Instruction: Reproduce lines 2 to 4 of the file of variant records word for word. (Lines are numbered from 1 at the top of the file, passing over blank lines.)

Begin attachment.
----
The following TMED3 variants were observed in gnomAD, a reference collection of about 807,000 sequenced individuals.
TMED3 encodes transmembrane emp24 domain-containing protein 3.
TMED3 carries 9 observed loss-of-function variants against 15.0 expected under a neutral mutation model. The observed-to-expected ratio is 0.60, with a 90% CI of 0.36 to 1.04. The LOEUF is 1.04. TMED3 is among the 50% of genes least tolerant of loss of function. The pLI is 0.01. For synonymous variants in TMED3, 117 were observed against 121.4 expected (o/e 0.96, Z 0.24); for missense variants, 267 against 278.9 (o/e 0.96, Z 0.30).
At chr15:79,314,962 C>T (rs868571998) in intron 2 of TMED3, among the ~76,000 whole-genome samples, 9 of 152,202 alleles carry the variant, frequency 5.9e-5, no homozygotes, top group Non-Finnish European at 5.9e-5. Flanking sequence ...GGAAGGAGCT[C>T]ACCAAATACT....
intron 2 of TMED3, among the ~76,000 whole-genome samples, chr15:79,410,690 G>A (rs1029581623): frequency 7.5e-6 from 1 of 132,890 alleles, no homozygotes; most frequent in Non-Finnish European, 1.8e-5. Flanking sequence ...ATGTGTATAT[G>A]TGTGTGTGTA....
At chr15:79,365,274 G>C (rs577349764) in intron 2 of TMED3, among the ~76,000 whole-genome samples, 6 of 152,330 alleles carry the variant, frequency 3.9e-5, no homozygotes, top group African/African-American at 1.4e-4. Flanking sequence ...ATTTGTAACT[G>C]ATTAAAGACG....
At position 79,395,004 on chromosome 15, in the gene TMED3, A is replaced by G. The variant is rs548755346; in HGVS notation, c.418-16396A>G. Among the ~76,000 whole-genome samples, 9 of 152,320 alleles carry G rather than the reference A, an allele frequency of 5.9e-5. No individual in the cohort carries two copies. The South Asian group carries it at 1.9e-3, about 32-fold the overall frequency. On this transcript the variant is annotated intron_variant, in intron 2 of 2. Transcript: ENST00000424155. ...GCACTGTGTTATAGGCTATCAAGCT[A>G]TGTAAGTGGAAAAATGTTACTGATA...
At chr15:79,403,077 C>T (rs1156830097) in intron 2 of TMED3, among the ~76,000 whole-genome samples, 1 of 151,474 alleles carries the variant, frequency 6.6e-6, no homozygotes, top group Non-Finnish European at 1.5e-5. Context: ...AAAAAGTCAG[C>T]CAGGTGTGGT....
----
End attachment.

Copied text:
TMED3 encodes transmembrane emp24 domain-containing protein 3.
TMED3 carries 9 observed loss-of-function variants against 15.0 expected under a neutral mutation model. The observed-to-expected ratio is 0.60, with a 90% CI of 0.36 to 1.04. The LOEUF is 1.04. TMED3 is among the 50% of genes least tolerant of loss of function. The pLI is 0.01. For synonymous variants in TMED3, 117 were observed against 121.4 expected (o/e 0.96, Z 0.24); for missense variants, 267 against 278.9 (o/e 0.96, Z 0.30).
At chr15:79,314,962 C>T (rs868571998) in intron 2 of TMED3, among the ~76,000 whole-genome samples, 9 of 152,202 alleles carry the variant, frequency 5.9e-5, no homozygotes, top group Non-Finnish European at 5.9e-5. Flanking sequence ...GGAAGGAGCT[C>T]ACCAAATACT....